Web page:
The stream proper I find emerges in a blackthorn wood just below the bracken pool. I climbed down in amongst the trees over a hedge, dipping and bending below the overhanging entanglement. My dog follows. We have reached the woods by the spring. Its more of a thicket.
The source of the river is perhaps certainly in a topographical sense easier to work out than the source of the project – why am I doing this? In one sense I can tell you categorically what the starting point for the project is and was – the flood of 2008, the tragic loss of life in a freak storm. This landscape is far more than cream teas. I can then go on to talk about the complexities of landscape and place that I am interested in, in particular a wish to ‘unpack’ the usually fixed mono-narratives of heritage. I can tell you of the elderly man I chatted to in 2007 who struggles to identify with mining as heritage site – it doesn’t bring in the money like it used to (and therefore in his mind feels rather pointless). I can tell you about the warden who told me that the only way he will ever go back to live in Zennor, the village in which he was brought up, is ‘in a box’. All this is ‘true’. So far as it goes. But there are other stories here. There is the story of how as a child I used to go out and paint in the landscape with my Mother. On family picnics we would both pack our paints. This was an important part of my early years. It is a way of working that for some years I have avoided – avoidance was easy – the excuse being ‘plein air’ is best avoided as a rather uncritical form of practice…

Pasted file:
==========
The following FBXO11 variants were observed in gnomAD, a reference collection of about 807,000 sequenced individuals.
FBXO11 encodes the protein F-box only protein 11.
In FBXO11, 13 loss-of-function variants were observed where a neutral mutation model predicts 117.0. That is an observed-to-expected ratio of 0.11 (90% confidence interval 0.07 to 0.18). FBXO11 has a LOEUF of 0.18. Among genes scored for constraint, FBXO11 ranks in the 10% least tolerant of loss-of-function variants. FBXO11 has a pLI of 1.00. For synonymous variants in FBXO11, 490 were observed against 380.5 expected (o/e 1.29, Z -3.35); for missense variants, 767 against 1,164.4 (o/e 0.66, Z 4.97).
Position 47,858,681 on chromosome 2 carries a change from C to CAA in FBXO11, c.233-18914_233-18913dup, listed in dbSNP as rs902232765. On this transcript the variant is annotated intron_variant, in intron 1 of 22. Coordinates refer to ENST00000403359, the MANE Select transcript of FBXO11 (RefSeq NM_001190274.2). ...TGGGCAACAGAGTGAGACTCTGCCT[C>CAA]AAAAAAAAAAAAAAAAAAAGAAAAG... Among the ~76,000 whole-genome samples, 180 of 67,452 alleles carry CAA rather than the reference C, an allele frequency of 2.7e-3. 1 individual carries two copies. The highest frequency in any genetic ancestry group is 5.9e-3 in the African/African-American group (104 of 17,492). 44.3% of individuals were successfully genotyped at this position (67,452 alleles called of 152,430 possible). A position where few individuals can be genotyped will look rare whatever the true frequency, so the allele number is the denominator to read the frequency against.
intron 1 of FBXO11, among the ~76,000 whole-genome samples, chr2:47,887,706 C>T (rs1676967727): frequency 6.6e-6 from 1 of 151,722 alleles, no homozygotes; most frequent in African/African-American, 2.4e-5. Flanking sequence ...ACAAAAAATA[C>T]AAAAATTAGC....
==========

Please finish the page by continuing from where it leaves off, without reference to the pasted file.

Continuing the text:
…and so as John Wylie says of the walker/writer Tim Robinson I return to painting outside from nature ‘acutely aware of [my] inheritance of a set of idioms and tropes, through which the landscape is framed and apprehended’ (both in terms of the history of English landscape painting generally but given the location of this work particularly the traditions of Newlyn and St Ives) and acutely aware also that the work by implicating to some degree land and life ‘bears traces of a romantic inheritance.’ (Wylie, 2012)
So we have, layered through the socio-politcal context associated with location, a story of memory, embodied in a corporeal practice of walking and painting; a return to what was very much a formative intersubjectivity and a return that I am aware brings with it, a whole set of complexities of its own. Despite this qualification, it is a deep form of knowing contained in bodily experienced memory – a becoming – a performative practice. And brings with it an awareness of the complexities here too; memory can be illusive and fragile.WYLIE, J. 2012. Dwelling and displacement: Tim Robinson and the questions of landscape. Cultural Geographies.